Delta-8 THC Debate: Unintended Consequences and Growing Pains Amid An Unregulated Industry

delta 8 thc cbd hemp

By J.J. McCoy, Senior Managing Editor, New Frontier Data

As the popularity of delta-8 THC continues to gain currency, state regulators and lawmakers are playing some legislative catch-up to rein it in, if not ban it outright as some of the largest U.S. cannabis companies intend.

As previously reported, delta-8 THC’s legal status is ambivalent at best: The nature of the loophole having allowed for its production and sale was couched in the legal interpretation of “synthetic”: The 2018 Farm Bill states that all cannabinoids derived from hemp with a delta-9 THC concentration of less than 0.3% are lawful, but adds that synthetically derived” THC remains illegal. Though delta-8 THC is organically present in some hemp cultivars, it can also be readily derived from CBD molecules collected from hemp – allowing for delineation of delta-8 THC to become ever more blurred.

In August 2020, the DEA released its Interim Final Rule for hemp, which ostensibly bans delta-8 THC along with all variations of tetrahydrocannabinol molecules. However, as commonly bedevils the legal cannabis industry, patchwork enforcement of the rule has lacked uniformity, both as legal challenges questioning the DEA’s authority to legislate it via policy and the entrance of a cannabis-tolerant Biden administration thus far had inspired a mostly passive stance from the agency. As of last month, 34 states (and the District of Columbia) were reportedly allowing production, sales, possession, or consumption of delta-8 THC, while 16 had restricted or banned such (with legislative reviews pending in five states).

Meantime, of course, cannabinoid extractors facing a massive surplus of hemp-derived CBD seized upon the opportunity. While some producers and marketers are touting delta-8 THC’s purported benefits for relieving pain, anxiety, and nausea, others are brazenly exploiting its psychoactive properties, marketing it as a kind of “marijuana-lite”. Meanwhile, the nationwide lack of product standards or consistent dosing recommendations are raising concerns among hemp industry advocates, public health officials, and legal cannabis producers alike.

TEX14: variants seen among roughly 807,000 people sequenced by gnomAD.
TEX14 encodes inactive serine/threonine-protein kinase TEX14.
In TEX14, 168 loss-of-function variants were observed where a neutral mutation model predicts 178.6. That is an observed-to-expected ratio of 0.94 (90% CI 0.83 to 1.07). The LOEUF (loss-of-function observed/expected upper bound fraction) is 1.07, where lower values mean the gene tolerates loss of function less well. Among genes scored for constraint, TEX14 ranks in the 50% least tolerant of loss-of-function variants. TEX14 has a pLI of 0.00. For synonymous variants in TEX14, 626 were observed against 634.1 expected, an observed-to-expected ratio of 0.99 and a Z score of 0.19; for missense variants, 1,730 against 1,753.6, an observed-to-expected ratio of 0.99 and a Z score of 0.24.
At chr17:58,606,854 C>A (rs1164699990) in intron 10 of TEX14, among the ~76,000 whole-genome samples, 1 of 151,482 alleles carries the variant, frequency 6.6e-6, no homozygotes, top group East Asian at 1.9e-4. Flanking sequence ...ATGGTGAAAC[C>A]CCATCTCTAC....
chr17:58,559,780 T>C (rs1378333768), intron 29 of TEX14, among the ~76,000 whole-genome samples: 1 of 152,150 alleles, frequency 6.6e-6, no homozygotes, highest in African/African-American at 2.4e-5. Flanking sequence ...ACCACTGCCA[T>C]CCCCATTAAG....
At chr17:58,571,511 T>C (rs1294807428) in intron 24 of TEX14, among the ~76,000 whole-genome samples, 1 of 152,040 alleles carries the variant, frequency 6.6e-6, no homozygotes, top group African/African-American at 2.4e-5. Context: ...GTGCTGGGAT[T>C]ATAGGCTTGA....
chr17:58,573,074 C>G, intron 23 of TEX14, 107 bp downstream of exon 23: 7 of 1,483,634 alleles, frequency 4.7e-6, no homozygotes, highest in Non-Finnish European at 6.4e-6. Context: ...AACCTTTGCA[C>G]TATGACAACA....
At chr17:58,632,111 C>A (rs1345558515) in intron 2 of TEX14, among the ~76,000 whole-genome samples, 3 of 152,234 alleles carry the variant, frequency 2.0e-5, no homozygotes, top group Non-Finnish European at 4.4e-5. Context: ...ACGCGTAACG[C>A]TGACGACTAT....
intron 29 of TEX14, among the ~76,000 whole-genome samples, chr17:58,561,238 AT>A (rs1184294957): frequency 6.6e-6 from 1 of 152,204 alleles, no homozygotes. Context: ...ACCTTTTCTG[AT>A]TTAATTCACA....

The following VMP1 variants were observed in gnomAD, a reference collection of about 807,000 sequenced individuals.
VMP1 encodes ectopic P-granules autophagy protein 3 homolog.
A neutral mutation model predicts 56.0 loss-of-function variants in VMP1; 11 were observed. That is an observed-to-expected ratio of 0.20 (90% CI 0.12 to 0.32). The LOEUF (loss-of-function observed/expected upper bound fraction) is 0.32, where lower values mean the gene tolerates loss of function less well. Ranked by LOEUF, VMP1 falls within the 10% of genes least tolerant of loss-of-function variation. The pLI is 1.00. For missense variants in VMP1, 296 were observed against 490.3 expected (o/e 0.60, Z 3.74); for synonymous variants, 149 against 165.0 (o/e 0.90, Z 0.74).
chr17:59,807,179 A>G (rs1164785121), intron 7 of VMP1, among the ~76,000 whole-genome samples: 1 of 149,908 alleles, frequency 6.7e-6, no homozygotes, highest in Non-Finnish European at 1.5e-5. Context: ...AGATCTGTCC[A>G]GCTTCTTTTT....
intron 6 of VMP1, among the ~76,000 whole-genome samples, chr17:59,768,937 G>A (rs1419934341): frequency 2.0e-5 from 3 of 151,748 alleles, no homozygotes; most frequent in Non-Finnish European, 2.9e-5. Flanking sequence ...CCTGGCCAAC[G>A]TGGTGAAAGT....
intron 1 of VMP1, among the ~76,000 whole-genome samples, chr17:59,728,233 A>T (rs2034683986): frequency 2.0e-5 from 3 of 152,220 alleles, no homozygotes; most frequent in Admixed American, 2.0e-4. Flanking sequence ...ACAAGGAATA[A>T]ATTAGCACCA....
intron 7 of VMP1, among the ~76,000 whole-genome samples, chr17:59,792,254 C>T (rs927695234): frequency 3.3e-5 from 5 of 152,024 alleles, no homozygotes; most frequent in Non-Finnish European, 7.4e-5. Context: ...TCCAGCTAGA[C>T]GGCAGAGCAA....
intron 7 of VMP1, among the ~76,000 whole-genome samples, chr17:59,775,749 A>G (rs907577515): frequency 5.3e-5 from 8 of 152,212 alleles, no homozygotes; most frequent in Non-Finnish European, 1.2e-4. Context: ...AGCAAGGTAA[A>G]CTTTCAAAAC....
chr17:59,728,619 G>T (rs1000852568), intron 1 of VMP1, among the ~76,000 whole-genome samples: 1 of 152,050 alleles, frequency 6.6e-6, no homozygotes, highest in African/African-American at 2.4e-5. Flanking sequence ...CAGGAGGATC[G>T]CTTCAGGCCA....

As reported this week in Chemical Engineering and News, concerns range beyond unintended consequences from unidentified by-products and lack of regulatory oversight, to producers cutting corners in favor of profit motive over either sound chemistry or professional ethics. Kyle Boyar, staff research associate at the University of California San Diego’s Center for Medicinal Cannabis Research, was quoted in fearing that “a lot of irresponsible production is going on in the sense that most of these people are getting their information from online forums, and many of them aren’t necessarily trained chemists.”

In a pharmaceutical laboratory’s environment, Ph.D. chemists ensure that products do not include harmful unconsumed reactants. But with unregulated delta-8 THC production, no one is reliably measuring pH levels or testing for strong acids and residual metals left behind through the process, much less tracking health effects or risks posed by the impurities.

To date, the only reported – and very small – clinical trial of delta-8 THC was observed more than 25 years ago, when Raphael Mechoulam, famed professor of medicinal chemistry at Hebrew University of Jerusalem and the former president of the International Cannabinoid Research Society, administered it to eight pediatric cancer patients in conjunction with chemotherapy sessions. By Mechoulam’s own account, “no one has taken delta-8 [THC] and delta-9 [THC] and given them to healthy people and tracked the difference. And even the effects of delta-9 [THC] depend greatly on the dose.”

The uncertainty amid politics and profits has been underscored by the U.S. Cannabis Council (USCC), which sponsored its own delta-8 THC study, including a summary that “the fact that it is being sold outside of the regulated marketplace with no oversight or testing and is readily available to children is alarming, and it presents a public health risk of potentially wider impact than the vape crisis.” The USCC’s sample testing of products purchased in eight different states reportedly found potentially harmful compounds including chromium, copper, lead, and nickel, along with unsafe solvents including acetone, dichloromethane, ethyl acetate, heptane, hexane, isopropanol, and methanol.

While the National Industrial Hemp Council is reportedly working with Congress to address issues at the federal level to preclude states’ intervention, Hemp Benchmarks is keeping running track of policy updates state-by-state. Perhaps nothing defines the issue more than the ironic battleground of Texas, where defenders of delta-8 THC recently fended off a bill in the state legislature to outlaw sales of the compound (whether in gas stations or distributed nationwide by mail) even while lawmakers have remained steadfast in prohibition of adult-use cannabis.

What can be generally agreed upon for the moment is that the controversy is indication of a maturing industry seeking safeguards and legitimacy. That legal cannabis companies and state governments from Colorado and California to New York are calling for federal intervention and nationwide regulation is further indication that the times indeed keep changing.